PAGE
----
hemet, california – It happened in a matter of seconds. Security video showed 18-month-old Cole Petit staggering out of a life preserver.
Afterwards, I walked to a family pool in Winchester, Calif., and slipped under the water.
“Like a bag of bricks, it stuck straight to the bottom,” his father, Zachary Petit, told CBS News.
Just a few meters away, Petit was applying sunscreen to his daughter. He dived for his son and rescued him from the water.
“I think I acted like a normal parent would react,” Petit said.
As a firefighter near Hemett, about 130 miles east of downtown Los Angeles, Petit has been drowned before. That’s why he has a pool fence and a motion detector in his home.
“If I had been inside the house, I would have said, ‘Hey, I’m going to hurry up and get a drink, I’m going to the bathroom.’ I can’t,” Petit said.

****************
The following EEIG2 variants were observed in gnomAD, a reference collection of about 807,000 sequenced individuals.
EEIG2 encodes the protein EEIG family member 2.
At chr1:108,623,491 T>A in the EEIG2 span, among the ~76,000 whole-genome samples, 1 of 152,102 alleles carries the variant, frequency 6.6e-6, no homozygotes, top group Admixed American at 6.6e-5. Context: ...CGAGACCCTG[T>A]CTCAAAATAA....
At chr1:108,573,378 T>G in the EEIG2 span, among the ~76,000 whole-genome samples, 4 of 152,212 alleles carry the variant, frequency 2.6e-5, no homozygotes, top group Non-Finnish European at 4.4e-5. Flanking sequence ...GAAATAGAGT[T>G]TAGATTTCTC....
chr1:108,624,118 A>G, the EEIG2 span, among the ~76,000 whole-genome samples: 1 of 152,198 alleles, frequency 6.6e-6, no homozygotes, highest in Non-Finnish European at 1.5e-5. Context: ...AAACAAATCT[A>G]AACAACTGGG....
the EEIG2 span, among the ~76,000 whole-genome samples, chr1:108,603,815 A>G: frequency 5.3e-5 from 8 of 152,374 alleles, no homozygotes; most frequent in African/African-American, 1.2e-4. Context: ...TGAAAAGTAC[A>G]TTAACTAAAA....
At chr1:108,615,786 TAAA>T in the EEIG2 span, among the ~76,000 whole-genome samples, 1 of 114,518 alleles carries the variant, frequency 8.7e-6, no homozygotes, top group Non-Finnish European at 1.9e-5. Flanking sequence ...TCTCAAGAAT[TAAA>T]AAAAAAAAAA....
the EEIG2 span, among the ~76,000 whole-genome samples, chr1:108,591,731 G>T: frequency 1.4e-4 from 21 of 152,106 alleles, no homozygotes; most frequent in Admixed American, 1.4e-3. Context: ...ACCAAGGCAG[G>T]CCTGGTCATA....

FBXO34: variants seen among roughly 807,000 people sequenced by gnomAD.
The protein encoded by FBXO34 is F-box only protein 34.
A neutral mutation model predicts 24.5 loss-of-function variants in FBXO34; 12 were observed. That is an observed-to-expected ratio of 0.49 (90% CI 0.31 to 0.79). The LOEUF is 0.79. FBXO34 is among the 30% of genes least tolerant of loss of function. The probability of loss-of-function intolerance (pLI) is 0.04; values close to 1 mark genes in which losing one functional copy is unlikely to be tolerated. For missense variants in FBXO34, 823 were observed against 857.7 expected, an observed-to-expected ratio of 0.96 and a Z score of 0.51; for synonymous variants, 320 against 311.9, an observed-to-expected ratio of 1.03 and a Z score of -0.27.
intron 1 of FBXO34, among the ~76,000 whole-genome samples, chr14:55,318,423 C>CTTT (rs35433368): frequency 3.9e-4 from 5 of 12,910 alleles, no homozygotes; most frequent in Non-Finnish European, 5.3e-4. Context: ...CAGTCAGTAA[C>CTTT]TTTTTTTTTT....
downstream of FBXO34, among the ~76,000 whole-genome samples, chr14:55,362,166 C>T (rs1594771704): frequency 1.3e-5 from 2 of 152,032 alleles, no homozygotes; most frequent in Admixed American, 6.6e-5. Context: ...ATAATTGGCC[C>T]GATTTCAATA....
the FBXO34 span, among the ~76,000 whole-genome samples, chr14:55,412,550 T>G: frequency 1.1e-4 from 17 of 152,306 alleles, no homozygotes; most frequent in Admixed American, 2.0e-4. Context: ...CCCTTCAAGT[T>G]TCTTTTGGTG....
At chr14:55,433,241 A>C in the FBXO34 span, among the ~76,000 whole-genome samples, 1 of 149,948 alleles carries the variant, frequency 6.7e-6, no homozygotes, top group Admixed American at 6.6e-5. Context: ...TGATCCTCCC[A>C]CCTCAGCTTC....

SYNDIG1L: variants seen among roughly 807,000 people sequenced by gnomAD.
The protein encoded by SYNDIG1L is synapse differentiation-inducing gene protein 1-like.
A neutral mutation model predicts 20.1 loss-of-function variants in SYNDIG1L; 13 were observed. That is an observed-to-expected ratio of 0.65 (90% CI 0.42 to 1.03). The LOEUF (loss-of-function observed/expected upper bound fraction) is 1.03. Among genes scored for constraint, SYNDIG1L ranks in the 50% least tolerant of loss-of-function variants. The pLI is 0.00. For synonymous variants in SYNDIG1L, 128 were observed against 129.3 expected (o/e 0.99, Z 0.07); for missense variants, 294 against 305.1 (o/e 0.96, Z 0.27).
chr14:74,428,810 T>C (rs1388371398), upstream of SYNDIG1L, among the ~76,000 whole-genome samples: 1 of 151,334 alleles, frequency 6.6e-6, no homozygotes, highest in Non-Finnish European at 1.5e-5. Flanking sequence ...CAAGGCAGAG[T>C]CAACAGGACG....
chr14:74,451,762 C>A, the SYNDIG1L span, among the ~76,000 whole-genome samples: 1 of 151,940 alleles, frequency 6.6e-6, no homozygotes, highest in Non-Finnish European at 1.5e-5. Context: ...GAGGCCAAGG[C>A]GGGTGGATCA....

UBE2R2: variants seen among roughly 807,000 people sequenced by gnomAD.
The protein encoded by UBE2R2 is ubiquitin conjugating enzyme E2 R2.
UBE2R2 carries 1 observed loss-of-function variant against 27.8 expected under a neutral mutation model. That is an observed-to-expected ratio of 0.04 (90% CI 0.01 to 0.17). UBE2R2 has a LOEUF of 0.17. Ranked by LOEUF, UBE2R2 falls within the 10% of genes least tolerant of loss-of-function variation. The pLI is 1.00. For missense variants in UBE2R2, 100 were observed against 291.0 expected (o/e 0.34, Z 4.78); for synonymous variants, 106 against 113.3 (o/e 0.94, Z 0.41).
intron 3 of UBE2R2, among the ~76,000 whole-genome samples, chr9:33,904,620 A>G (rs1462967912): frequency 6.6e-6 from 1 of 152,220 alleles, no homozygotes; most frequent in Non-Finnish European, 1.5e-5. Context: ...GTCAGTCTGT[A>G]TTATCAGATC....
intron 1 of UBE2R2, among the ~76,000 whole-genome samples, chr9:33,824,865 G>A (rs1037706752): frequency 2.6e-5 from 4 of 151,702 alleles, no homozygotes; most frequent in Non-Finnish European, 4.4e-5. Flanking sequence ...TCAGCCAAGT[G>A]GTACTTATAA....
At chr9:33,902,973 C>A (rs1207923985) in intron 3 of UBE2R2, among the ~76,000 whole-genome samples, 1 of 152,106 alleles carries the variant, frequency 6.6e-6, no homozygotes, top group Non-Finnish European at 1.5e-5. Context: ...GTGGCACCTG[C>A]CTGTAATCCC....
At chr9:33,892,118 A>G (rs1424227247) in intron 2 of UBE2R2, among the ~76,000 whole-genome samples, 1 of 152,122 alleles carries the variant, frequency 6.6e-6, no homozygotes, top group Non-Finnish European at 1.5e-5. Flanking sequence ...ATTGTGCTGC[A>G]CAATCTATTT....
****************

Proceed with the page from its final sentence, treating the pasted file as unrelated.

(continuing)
According to the Centers for Disease Control and Prevention, an estimated 4,000 people die each year in the United States from accidental drowning. According to the CDC, it’s one of the leading causes of death in children ages 1 to 4, with most drownings occurring in home swimming pools.
The American Lifeguard Association (ALA) reported that half of the nation’s 309,000 public swimming pools could be forced to close or have reduced hours due to a major disaster. Lack of lifeguards.
“They will have nowhere to go and will start looking for lakes, ponds, dikes and canals,” said ALA spokesman Wyatt Worness. “There are no lifeguards there and there will be more drownings as a result.”
Petit and Hemet Fire Station Posted Rescue footage from home security cameras will be posted on social media to educate parents about water safety.
“If it can make a parent, make a parent, pay a little more attention and save one child from drowning, then I think our message has succeeded,” Petit said.